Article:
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Discussion Starter · #1 ·
All,

I'd like some various stocking ideas for this aquarium. It's 145 Gallon, but it's 32x32x36 tall. Tall and skinny, lol.


(Just added water, waiting for Durso stand pipes. Here's a pic in all of it's glory)


Haven't yet taken a picture of it 'lit', and with the canopy on it either, still staining it.

Anyway, I have REALLY hard water at home, so discus or something of that nature that requires alot of effort to get the water to the proper parameters is kind of out. Not that I don't want to do it, but I have a good success rate with what I have now, and I think the main reason is that I'm keeping fish that require water parameters that is easy to 'obtain'.

Currently, I've got:

Sciaenochromis fryeri
Metriaclima greshakei
Labidochromis caeruleus
Metriaclima estherae (Red)
Pseudotropheus demasoni

And some others that I've put together in a 'typical' 75 gallon. Honestly, as you can tell, I didn't really know what I was doing when I put them together, but they're doing alright.

Anyway, I'm looking at trading all of those in and starting 'fresh'.

The goal with this tank is either a colony tank of some sort (preferred), or a nice community. The other part of the equation is that in 2-3 years, all of these fish will be moving into a much larger (96x30x25) aquarium when we get moved into our new house and I will be turning this aquarium currently into either a reef tank, or something unforeseen. Anyway, 'slow growing' would be nice.

I'm interested in Calvus maybe? I love Fronts, but obviously bad tank, and it appears they'd outgrow before 3 years.

Thoughts?

I appreciate the help.
 

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IMO I wouldn't look at anything but maybe the dwarf species for that shape tank. Anything else and you will probably have lots of aggression as there simply does not appear to be enough space for them to establish territories even if you created a lot of structure. A small colony of demasoni maybe, but I've never tried it in a tank of that configuration.

Have you considered doing something non-cichlid such as a planted tropical community of some kind? You could comfortably house a large school of neons, tetras or a multitude of other non-cichlid species and not have any of the aggression or compatibility issues you are bound to face if you make this a cichlid tank.

Just my .02.. good luck! :D
 

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Discussion Starter · #3 ·
I would agree, however I put this comment in:

I've aquascaped the aquarium at the angle.



The upper left square is the overflow, and from the diagonal in the middle back towards the overflow is the 'rock' stack.

Considering that the length of that angle is 42.5" (close to my 4' 75 anyway), I think that people are thinking that it's for some reason, only 31" wide, and it's clearly not. Had I just aquascaped the back wall, then I can see the point of the 31" wide aquarium, but I made sure to aquascape on the angle.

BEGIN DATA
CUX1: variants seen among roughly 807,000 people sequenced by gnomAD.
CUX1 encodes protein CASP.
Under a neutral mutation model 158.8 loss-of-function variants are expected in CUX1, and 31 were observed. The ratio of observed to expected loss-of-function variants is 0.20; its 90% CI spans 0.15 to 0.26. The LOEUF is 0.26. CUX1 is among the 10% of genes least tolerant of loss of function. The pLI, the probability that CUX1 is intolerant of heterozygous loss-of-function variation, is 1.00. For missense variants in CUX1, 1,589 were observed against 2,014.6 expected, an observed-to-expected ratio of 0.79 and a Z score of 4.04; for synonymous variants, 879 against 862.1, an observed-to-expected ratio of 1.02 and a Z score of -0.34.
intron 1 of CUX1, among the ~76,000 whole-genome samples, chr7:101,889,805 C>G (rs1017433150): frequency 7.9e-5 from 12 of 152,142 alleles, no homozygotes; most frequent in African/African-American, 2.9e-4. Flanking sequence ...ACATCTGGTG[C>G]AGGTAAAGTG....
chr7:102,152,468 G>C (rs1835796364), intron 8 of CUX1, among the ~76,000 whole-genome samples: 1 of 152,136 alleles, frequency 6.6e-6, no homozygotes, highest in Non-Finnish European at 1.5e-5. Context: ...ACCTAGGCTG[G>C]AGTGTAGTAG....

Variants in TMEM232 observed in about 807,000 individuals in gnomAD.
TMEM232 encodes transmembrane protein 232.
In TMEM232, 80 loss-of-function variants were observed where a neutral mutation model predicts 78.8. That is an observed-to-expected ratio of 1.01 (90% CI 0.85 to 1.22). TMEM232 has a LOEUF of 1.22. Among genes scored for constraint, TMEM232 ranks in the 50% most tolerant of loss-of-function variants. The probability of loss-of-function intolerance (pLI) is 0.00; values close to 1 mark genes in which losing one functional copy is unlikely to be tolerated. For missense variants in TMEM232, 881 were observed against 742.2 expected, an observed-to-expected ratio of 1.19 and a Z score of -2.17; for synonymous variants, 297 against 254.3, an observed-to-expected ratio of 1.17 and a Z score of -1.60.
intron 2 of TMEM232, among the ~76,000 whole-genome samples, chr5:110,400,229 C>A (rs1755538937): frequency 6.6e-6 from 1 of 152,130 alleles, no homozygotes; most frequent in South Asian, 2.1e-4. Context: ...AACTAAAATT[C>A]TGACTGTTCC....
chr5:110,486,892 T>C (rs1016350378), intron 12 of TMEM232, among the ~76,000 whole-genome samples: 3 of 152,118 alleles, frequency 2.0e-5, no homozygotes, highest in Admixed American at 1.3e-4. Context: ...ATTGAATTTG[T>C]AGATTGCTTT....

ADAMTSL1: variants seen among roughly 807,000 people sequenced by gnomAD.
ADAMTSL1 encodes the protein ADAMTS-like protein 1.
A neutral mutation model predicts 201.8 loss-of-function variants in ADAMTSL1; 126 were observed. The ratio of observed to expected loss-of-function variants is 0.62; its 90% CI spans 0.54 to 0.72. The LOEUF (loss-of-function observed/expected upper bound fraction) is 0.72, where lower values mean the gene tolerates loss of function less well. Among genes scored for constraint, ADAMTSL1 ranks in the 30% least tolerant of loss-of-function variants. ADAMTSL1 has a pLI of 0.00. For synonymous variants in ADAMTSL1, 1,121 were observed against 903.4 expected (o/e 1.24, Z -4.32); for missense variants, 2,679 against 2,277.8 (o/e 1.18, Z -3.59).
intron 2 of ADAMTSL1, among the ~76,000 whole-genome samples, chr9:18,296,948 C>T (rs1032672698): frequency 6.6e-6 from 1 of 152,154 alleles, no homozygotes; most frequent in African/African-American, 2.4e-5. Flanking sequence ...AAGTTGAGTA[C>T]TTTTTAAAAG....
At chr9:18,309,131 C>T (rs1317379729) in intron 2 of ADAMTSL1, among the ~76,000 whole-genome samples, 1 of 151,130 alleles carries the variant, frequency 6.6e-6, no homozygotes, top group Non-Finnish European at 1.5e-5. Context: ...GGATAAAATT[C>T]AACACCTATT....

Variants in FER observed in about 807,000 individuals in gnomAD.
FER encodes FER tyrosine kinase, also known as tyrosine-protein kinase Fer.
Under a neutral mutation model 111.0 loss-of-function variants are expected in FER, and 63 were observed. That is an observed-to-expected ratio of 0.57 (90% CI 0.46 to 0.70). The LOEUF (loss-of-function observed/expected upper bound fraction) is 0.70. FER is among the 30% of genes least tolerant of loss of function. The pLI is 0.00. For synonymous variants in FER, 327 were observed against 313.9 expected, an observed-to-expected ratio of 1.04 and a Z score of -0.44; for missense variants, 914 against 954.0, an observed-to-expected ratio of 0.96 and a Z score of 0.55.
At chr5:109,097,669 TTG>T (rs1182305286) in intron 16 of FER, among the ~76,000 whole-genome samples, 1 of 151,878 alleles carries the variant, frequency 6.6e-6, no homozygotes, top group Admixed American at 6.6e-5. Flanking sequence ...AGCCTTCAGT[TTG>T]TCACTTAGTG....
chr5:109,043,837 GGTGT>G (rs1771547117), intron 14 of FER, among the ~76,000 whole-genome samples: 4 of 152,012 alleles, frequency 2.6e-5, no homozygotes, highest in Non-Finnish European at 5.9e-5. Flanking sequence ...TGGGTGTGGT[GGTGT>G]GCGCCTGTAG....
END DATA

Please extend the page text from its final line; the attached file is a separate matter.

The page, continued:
But, I do appreciate your input. I'm hoping that a 42"+ x 25"+ rock 'wall' will both create alot of hiding spots, but also alot of cover, and maybe even, sufficient space for with a Tang community, or a colony of some sort. (Remember that I want to start with Juvies as well).

Again though, I appreciate the input!
 

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I think I have to agree with jmangels here as, even though you have a diagonal of 42.5", this is quite different to a 42.5" tank since this end up in the corner.

However, I'm wondering: how about a stack of rocks in the back, then "walls" around the corners, as follows, as to create more territories, a somewhat cool look (if done well) and still have a lot of visibility.

Like this for example (quick draw, but you get the idea :p):
 

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You could also put the barrier braces the other way round... Might look nice with a DIY separator (with a larger base to hold everything down).
 

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Another idea would be to have somewhat flat rocks as tank dividers with regular rocks at their base, but a lot of both. Would look cool too. And maybe house some rockdwellers.

Btw, please seek confirmation this might work out before trying it as I'm just here to throw ideas around. ;-)
 

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Looks like a good P. saulosi species tank…

.
 

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Discussion Starter · #8 ·
Here's some good 'scale' pictures. The ladder next to it is 5' tall



And a 'lit' picture of the aquascaping.





 

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Calvus grow very slowly, so they might allow you more time than you think, if you get them very young. Great little fish to keep, and I love the tribal look!

Or, you could put a pair of brichardi in there and let them fill it with fry for you...

As far as Malawi cichlids go, I would stick with a dwarf species. But anyway you look at it, you aren't really going to utilize the height of the tank.

Kim
 
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